What’s Popular in the Food & Beverage Industry By Stella Johnson

What’s Popular in the Food & Beverage Industry By Stella Johnson

Although the covid pandemic slowed everything down, including the world of food and beverage, here’s a behind-the-scenes look at F&B activities today:

1. Farm-to-Table Establishments that Cut the Mustard:  The industry has been in love with this culinary movement for years and that’s because it is a great idea for our times.  Getting produce and protein as fresh as possible to each dinner round of 10 is a true sign of a first-class, catering facility of any kind when choosing a convention center, hotel, or restaurant. So, ask the director of catering or head chef what their policies are in this regard and see if they “cut the mustard.”

2. Food Trucks, the Love Child of the Industry:  Food trucks were almost born during the pandemic crisis of 2020. They, literally, rushed to the rescue and proved their worth. If you’re a meeting or event planner with an outdoor event in the future, strongly consider this option. Food trucks can be supplied by all sorts of facilities and venues. One idea is to have the local restaurants from the meeting or convention destination supply their cuisine on their trucks. For instance, you can have an Italian restaurant supply an FT with Italian fare, a Chinese restaurant with Asian fare, an Indian restaurant with Indian fare, and so on. The possibilities are endless. So, planners can have one event with a smorgasbord of food trucks lined up for little extra culinary excitement that attendees will talk about at the office water cooler in the weeks to come.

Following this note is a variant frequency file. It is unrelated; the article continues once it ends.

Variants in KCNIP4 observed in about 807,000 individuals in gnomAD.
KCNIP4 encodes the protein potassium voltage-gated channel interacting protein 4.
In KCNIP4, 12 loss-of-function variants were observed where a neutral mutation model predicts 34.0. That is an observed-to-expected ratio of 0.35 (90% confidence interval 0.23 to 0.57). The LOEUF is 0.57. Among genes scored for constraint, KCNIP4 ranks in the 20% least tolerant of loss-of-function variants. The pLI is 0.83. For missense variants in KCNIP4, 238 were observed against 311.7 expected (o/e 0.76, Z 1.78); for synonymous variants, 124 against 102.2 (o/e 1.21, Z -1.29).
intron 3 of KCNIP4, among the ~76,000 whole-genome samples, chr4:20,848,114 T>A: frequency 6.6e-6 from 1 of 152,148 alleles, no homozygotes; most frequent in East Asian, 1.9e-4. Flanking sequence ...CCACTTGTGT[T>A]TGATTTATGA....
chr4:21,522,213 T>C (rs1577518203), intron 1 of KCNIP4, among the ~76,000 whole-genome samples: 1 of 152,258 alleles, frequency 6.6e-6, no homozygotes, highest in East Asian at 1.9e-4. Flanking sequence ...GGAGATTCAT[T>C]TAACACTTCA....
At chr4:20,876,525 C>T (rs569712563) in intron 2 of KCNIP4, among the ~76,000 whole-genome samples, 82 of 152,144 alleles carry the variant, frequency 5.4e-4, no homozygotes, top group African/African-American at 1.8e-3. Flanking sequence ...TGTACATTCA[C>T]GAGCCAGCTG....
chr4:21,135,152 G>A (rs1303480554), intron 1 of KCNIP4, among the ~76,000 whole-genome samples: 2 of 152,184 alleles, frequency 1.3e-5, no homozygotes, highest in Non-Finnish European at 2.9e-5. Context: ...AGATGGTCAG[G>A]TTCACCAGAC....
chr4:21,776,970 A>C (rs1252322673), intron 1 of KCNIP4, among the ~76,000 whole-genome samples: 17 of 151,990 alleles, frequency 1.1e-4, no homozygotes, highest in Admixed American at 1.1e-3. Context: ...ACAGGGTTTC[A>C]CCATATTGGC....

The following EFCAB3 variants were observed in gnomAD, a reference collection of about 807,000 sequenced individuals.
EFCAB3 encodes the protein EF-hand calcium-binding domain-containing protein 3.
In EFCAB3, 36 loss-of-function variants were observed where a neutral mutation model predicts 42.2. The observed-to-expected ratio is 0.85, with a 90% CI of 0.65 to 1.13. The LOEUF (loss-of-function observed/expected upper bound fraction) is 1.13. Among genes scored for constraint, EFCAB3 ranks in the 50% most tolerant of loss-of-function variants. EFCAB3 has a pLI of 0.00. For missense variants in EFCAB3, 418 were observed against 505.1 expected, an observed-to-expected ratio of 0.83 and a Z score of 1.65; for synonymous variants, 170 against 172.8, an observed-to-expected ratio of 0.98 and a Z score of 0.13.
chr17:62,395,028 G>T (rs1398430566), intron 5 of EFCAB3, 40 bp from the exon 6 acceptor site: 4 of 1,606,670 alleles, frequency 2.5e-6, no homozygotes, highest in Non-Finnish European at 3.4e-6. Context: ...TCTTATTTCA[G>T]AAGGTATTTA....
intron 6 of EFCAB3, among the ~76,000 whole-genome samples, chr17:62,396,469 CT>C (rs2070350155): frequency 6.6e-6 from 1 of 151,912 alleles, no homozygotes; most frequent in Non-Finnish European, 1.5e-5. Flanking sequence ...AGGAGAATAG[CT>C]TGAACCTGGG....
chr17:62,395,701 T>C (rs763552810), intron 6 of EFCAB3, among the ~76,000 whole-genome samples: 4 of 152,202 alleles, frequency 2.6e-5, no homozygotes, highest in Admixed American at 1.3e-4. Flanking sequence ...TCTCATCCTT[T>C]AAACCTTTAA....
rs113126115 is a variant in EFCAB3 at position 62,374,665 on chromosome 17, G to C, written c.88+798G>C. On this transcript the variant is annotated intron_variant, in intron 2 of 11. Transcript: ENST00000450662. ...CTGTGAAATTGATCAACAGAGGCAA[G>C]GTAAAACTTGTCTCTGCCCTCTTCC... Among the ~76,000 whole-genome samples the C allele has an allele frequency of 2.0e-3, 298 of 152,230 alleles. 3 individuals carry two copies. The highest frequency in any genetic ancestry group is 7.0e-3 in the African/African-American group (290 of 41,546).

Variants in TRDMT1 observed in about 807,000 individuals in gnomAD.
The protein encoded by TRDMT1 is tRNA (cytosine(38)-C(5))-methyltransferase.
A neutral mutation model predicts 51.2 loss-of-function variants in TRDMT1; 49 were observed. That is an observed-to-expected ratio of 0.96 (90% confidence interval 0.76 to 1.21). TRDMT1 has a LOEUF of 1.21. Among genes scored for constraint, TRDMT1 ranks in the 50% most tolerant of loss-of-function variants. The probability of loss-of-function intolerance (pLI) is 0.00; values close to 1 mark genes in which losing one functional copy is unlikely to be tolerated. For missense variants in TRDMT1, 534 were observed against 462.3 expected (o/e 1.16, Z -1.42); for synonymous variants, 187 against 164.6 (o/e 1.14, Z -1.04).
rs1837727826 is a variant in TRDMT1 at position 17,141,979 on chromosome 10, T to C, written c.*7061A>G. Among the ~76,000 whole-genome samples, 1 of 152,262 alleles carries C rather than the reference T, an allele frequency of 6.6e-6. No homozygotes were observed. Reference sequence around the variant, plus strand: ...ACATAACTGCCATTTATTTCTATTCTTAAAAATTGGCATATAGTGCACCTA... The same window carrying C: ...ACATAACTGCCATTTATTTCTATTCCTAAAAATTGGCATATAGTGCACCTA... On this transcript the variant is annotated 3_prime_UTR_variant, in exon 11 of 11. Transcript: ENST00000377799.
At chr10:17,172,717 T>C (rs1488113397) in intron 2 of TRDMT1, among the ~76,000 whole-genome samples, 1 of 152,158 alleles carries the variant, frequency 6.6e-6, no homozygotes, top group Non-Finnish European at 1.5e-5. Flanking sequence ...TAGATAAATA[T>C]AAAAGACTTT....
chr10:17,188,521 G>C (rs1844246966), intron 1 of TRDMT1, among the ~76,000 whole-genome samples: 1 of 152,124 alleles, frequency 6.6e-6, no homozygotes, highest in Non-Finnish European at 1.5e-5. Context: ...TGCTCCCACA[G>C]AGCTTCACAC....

3. Thinking Outside-of-the-Box is the In-Thing To Do:  This is probably the newest thing in the F&B world – don’t limit vegetables to side dishes – make their main dishes (especially good for vegans) OR turn them into desserts. Likewise, ask the chef to turn fruits into side dishes. In fact, planners can connect this F&B trend to the corporate culture itself – exemplifying how to think differently or “outside the box” to get results. 

4. Alcohol & Attendees:  Some years ago, the Director of Food & Beverage from the world-famous 21 Club in New York City shared some very interesting information with Facilities & Destinations, exclusively, about the alcohol content difference between wine and liquor. It’s not what one would always expect. Sometimes your selected wine has more alcohol than a gimlet, gin-and-tonic, or another cocktail of choice. So, be sure to check that out with the catering head. No planner wants an attendee to get a little tipsy at a corporate event of any kind.

5. Hold those Carbs:  At business events, keep the carbohydrate offerings low. Don’t let attendees get caught up in “barbwire!” Carbos dull the mind and slow the body. For instance, at dinner, serve one baked potato rather than mashed potatoes which usually involves “more than just one.” Or, more creatively prepared greens. Also, no one really wants bread at dinner, they just reach for it because it is there. Originally, bread was served because it filled people up cheaply. Good for the budget but bad for the results planners want from attendees. For dessert, focus on the world of fresh fruit with interesting toppings like yogurt or cottage cheese. Serve fresh strawberries with a light yogurt sauce vs. strawberry shortcake for your group. Or, present peaches with honey-sweet, cottage cheese topping rather than carob-laden peach melba. Be creative and get your chef involved too.

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